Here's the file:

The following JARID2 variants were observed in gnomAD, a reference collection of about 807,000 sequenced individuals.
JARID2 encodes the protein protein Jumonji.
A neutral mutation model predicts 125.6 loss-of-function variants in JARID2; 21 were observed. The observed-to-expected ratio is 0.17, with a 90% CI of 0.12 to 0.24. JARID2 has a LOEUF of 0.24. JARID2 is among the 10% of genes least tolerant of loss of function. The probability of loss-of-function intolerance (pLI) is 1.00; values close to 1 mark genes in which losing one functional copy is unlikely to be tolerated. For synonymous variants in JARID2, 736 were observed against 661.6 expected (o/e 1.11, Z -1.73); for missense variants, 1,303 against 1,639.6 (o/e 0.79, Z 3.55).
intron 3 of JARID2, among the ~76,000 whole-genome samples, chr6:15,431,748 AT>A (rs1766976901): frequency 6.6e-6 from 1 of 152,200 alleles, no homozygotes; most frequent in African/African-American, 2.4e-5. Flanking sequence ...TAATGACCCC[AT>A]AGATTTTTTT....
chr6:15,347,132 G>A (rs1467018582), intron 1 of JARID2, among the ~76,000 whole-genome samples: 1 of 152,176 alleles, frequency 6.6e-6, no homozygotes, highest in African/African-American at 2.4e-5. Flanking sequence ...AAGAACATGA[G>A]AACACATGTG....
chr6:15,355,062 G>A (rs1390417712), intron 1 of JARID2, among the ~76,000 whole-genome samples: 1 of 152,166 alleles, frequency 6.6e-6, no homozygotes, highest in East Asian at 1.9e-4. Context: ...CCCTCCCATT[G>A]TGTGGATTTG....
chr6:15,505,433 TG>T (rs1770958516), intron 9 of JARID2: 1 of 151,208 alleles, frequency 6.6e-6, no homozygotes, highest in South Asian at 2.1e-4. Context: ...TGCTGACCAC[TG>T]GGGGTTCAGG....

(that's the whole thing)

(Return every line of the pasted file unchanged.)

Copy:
The following JARID2 variants were observed in gnomAD, a reference collection of about 807,000 sequenced individuals.
JARID2 encodes the protein protein Jumonji.
A neutral mutation model predicts 125.6 loss-of-function variants in JARID2; 21 were observed. The observed-to-expected ratio is 0.17, with a 90% CI of 0.12 to 0.24. JARID2 has a LOEUF of 0.24. JARID2 is among the 10% of genes least tolerant of loss of function. The probability of loss-of-function intolerance (pLI) is 1.00; values close to 1 mark genes in which losing one functional copy is unlikely to be tolerated. For synonymous variants in JARID2, 736 were observed against 661.6 expected (o/e 1.11, Z -1.73); for missense variants, 1,303 against 1,639.6 (o/e 0.79, Z 3.55).
intron 3 of JARID2, among the ~76,000 whole-genome samples, chr6:15,431,748 AT>A (rs1766976901): frequency 6.6e-6 from 1 of 152,200 alleles, no homozygotes; most frequent in African/African-American, 2.4e-5. Flanking sequence ...TAATGACCCC[AT>A]AGATTTTTTT....
chr6:15,347,132 G>A (rs1467018582), intron 1 of JARID2, among the ~76,000 whole-genome samples: 1 of 152,176 alleles, frequency 6.6e-6, no homozygotes, highest in African/African-American at 2.4e-5. Flanking sequence ...AAGAACATGA[G>A]AACACATGTG....
chr6:15,355,062 G>A (rs1390417712), intron 1 of JARID2, among the ~76,000 whole-genome samples: 1 of 152,166 alleles, frequency 6.6e-6, no homozygotes, highest in East Asian at 1.9e-4. Context: ...CCCTCCCATT[G>A]TGTGGATTTG....
chr6:15,505,433 TG>T (rs1770958516), intron 9 of JARID2: 1 of 151,208 alleles, frequency 6.6e-6, no homozygotes, highest in South Asian at 2.1e-4. Context: ...TGCTGACCAC[TG>T]GGGGTTCAGG....